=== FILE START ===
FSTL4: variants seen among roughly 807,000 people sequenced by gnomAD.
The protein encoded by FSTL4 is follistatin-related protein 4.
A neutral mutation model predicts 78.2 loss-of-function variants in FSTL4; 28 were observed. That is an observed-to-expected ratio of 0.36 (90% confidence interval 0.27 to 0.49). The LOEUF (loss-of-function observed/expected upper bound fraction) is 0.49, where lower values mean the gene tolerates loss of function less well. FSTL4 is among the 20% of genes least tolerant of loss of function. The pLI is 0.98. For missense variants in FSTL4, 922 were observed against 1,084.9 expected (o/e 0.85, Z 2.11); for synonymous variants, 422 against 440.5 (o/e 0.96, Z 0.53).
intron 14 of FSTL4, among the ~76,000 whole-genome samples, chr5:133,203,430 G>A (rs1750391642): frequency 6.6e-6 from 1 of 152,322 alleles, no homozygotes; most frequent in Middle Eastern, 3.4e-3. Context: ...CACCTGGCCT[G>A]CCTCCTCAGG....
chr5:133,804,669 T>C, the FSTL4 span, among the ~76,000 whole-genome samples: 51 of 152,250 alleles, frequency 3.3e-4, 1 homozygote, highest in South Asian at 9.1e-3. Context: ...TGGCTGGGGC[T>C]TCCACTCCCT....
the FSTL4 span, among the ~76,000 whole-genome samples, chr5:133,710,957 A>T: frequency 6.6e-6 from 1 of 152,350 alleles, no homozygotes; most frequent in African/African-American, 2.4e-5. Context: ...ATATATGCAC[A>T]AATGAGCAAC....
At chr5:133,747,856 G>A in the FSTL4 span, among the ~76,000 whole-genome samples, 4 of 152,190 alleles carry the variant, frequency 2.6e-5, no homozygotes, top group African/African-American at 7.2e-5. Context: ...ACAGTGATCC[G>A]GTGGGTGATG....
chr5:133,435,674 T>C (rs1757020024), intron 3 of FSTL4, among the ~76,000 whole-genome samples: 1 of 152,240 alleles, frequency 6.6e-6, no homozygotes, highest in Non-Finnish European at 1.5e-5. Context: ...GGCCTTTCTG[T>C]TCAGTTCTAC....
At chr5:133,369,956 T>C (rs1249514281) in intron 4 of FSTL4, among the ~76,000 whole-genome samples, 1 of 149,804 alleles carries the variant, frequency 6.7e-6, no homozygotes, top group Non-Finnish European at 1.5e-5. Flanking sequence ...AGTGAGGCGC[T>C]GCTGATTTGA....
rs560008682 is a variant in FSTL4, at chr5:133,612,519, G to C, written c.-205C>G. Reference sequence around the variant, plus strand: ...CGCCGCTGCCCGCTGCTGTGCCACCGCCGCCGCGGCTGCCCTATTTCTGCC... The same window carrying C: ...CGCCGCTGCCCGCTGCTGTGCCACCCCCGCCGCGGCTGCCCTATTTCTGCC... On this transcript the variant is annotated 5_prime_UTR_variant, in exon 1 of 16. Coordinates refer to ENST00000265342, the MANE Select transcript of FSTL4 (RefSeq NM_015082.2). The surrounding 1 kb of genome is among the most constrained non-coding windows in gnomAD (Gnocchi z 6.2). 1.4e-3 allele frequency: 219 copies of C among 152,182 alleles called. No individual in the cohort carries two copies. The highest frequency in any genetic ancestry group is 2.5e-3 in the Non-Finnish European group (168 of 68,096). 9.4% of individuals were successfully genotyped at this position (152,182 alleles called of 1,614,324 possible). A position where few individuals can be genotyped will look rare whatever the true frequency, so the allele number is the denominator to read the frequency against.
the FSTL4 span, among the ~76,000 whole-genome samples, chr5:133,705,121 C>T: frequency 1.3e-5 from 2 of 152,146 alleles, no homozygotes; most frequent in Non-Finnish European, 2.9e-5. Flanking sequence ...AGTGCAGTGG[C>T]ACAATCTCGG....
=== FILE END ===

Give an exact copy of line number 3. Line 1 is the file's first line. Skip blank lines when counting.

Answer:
A neutral mutation model predicts 78.2 loss-of-function variants in FSTL4; 28 were observed. That is an observed-to-expected ratio of 0.36 (90% confidence interval 0.27 to 0.49). The LOEUF (loss-of-function observed/expected upper bound fraction) is 0.49, where lower values mean the gene tolerates loss of function less well. FSTL4 is among the 20% of genes least tolerant of loss of function. The pLI is 0.98. For missense variants in FSTL4, 922 were observed against 1,084.9 expected (o/e 0.85, Z 2.11); for synonymous variants, 422 against 440.5 (o/e 0.96, Z 0.53).